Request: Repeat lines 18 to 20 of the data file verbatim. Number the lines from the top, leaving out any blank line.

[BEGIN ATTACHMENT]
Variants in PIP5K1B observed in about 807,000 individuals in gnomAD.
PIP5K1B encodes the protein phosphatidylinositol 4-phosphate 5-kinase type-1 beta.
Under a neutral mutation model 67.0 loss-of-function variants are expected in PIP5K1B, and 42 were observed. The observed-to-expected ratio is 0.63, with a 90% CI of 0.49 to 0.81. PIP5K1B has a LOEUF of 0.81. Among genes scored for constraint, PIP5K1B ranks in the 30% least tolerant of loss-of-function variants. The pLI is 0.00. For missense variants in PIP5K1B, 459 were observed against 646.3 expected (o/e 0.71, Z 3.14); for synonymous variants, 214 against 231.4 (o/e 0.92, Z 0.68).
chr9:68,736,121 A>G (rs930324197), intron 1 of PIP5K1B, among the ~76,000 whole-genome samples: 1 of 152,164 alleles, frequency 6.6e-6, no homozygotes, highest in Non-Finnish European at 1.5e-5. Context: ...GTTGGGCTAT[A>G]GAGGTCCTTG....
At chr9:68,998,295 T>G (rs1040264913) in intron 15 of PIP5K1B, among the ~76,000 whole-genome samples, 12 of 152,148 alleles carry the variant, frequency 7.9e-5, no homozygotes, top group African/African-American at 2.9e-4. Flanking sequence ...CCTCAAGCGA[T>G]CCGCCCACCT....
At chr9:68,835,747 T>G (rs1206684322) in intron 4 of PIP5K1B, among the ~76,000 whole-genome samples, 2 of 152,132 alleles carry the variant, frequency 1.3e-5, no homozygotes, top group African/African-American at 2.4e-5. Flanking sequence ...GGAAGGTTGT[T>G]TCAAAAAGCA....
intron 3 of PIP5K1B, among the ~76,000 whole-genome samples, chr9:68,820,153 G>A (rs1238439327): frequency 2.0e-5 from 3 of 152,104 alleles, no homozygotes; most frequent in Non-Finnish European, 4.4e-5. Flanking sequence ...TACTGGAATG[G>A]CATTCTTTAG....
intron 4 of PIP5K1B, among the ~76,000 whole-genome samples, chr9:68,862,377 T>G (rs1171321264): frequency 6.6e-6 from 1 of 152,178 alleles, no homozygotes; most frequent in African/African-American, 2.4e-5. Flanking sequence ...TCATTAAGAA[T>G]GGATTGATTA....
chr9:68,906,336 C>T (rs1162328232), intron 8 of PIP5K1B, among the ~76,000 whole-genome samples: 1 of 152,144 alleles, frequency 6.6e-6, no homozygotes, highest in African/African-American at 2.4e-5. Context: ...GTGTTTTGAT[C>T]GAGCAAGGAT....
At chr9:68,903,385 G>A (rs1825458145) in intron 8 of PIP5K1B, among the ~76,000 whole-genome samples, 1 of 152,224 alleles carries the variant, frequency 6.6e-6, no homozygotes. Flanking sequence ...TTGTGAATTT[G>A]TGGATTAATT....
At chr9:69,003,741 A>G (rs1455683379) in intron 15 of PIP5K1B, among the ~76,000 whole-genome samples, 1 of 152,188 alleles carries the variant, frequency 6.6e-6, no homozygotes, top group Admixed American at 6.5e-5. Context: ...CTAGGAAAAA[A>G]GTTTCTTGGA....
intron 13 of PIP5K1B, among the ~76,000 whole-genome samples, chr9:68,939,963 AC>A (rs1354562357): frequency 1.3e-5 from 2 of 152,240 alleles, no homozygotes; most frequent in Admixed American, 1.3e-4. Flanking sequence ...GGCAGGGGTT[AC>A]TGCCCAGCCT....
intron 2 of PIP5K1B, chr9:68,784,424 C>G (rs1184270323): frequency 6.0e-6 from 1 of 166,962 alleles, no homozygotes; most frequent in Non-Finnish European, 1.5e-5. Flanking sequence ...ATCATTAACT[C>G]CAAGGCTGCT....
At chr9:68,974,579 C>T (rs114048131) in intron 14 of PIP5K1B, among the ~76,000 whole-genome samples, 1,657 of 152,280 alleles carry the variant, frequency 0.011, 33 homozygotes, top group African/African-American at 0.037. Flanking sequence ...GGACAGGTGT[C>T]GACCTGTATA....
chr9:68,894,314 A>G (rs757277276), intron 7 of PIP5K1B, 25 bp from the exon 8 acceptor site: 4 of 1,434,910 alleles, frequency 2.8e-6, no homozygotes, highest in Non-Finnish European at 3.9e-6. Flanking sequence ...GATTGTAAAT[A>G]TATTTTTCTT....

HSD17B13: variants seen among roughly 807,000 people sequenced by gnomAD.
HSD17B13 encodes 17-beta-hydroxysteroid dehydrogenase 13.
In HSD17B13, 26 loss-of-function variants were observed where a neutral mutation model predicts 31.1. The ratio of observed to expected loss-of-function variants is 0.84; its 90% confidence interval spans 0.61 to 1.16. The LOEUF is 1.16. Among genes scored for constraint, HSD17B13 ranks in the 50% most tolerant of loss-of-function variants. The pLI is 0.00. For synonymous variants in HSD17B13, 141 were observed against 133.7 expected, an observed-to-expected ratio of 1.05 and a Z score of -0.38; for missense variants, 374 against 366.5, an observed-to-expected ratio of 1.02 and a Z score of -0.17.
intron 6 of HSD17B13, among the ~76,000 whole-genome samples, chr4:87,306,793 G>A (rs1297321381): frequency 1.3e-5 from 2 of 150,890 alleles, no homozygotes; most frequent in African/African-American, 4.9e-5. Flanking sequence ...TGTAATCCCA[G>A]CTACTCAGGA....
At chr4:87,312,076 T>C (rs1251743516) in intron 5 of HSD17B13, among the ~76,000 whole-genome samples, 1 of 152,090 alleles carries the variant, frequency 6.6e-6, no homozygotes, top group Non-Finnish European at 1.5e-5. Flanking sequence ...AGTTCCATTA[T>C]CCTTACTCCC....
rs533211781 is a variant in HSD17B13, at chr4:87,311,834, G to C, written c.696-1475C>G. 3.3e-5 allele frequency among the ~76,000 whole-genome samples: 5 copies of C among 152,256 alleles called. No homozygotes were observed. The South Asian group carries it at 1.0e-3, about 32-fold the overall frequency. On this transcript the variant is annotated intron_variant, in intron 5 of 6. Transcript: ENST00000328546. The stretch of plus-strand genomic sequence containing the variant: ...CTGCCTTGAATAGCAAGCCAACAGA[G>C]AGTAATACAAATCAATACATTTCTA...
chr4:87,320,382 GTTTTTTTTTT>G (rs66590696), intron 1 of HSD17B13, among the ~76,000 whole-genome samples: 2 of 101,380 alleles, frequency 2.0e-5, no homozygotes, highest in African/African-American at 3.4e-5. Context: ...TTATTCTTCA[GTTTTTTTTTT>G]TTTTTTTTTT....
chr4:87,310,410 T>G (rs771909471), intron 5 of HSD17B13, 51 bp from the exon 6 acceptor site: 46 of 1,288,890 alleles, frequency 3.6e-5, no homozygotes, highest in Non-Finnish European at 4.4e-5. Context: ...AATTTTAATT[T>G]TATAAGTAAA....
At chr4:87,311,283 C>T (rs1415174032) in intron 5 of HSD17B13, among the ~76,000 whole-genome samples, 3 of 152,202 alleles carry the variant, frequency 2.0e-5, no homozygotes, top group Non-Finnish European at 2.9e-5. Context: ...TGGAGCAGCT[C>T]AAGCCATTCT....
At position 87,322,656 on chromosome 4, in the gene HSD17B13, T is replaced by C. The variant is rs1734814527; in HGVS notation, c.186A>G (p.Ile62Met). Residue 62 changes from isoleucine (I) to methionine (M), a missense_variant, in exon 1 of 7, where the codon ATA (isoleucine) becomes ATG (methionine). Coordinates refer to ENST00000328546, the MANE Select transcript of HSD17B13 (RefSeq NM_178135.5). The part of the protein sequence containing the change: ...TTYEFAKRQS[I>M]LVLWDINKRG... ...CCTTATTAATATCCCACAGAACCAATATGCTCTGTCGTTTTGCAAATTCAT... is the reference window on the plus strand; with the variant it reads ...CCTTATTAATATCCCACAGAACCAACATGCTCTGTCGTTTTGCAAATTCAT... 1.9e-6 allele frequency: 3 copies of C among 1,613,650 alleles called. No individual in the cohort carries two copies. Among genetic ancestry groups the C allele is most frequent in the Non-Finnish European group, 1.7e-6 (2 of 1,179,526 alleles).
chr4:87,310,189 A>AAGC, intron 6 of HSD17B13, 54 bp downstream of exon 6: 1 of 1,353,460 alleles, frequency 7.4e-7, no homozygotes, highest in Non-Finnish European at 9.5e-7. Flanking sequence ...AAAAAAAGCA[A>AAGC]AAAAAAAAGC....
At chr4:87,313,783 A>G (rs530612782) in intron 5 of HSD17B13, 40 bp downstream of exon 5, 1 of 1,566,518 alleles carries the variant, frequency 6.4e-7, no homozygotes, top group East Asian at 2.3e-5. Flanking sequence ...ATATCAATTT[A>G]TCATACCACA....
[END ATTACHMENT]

In HSD17B13, 26 loss-of-function variants were observed where a neutral mutation model predicts 31.1. The ratio of observed to expected loss-of-function variants is 0.84; its 90% confidence interval spans 0.61 to 1.16. The LOEUF is 1.16. Among genes scored for constraint, HSD17B13 ranks in the 50% most tolerant of loss-of-function variants. The pLI is 0.00. For synonymous variants in HSD17B13, 141 were observed against 133.7 expected, an observed-to-expected ratio of 1.05 and a Z score of -0.38; for missense variants, 374 against 366.5, an observed-to-expected ratio of 1.02 and a Z score of -0.17.
intron 6 of HSD17B13, among the ~76,000 whole-genome samples, chr4:87,306,793 G>A (rs1297321381): frequency 1.3e-5 from 2 of 150,890 alleles, no homozygotes; most frequent in African/African-American, 4.9e-5. Flanking sequence ...TGTAATCCCA[G>A]CTACTCAGGA....
At chr4:87,312,076 T>C (rs1251743516) in intron 5 of HSD17B13, among the ~76,000 whole-genome samples, 1 of 152,090 alleles carries the variant, frequency 6.6e-6, no homozygotes, top group Non-Finnish European at 1.5e-5. Flanking sequence ...AGTTCCATTA[T>C]CCTTACTCCC....